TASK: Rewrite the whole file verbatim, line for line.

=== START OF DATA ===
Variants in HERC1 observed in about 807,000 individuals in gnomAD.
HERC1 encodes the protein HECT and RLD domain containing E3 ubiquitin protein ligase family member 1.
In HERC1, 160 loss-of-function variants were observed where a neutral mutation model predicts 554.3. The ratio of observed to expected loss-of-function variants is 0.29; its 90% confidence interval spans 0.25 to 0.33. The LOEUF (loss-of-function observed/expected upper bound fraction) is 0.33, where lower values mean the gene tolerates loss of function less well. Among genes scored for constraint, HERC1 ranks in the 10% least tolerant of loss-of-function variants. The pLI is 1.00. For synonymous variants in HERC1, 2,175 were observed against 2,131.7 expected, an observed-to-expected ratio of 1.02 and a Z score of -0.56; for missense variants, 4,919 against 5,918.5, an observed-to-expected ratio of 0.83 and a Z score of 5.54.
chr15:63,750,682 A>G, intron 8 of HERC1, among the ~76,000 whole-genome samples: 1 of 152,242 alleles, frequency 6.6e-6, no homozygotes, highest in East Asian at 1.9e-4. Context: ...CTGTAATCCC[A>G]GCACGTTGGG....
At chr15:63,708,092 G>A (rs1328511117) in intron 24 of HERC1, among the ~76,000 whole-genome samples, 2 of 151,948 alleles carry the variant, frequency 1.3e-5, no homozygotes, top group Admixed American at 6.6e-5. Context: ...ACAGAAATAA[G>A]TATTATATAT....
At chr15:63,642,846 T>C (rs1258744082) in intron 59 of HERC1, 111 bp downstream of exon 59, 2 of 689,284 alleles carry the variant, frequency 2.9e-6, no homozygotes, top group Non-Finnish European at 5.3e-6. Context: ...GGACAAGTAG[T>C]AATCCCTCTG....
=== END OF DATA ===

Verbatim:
Variants in HERC1 observed in about 807,000 individuals in gnomAD.
HERC1 encodes the protein HECT and RLD domain containing E3 ubiquitin protein ligase family member 1.
In HERC1, 160 loss-of-function variants were observed where a neutral mutation model predicts 554.3. The ratio of observed to expected loss-of-function variants is 0.29; its 90% confidence interval spans 0.25 to 0.33. The LOEUF (loss-of-function observed/expected upper bound fraction) is 0.33, where lower values mean the gene tolerates loss of function less well. Among genes scored for constraint, HERC1 ranks in the 10% least tolerant of loss-of-function variants. The pLI is 1.00. For synonymous variants in HERC1, 2,175 were observed against 2,131.7 expected, an observed-to-expected ratio of 1.02 and a Z score of -0.56; for missense variants, 4,919 against 5,918.5, an observed-to-expected ratio of 0.83 and a Z score of 5.54.
chr15:63,750,682 A>G, intron 8 of HERC1, among the ~76,000 whole-genome samples: 1 of 152,242 alleles, frequency 6.6e-6, no homozygotes, highest in East Asian at 1.9e-4. Context: ...CTGTAATCCC[A>G]GCACGTTGGG....
At chr15:63,708,092 G>A (rs1328511117) in intron 24 of HERC1, among the ~76,000 whole-genome samples, 2 of 151,948 alleles carry the variant, frequency 1.3e-5, no homozygotes, top group Admixed American at 6.6e-5. Context: ...ACAGAAATAA[G>A]TATTATATAT....
At chr15:63,642,846 T>C (rs1258744082) in intron 59 of HERC1, 111 bp downstream of exon 59, 2 of 689,284 alleles carry the variant, frequency 2.9e-6, no homozygotes, top group Non-Finnish European at 5.3e-6. Context: ...GGACAAGTAG[T>C]AATCCCTCTG....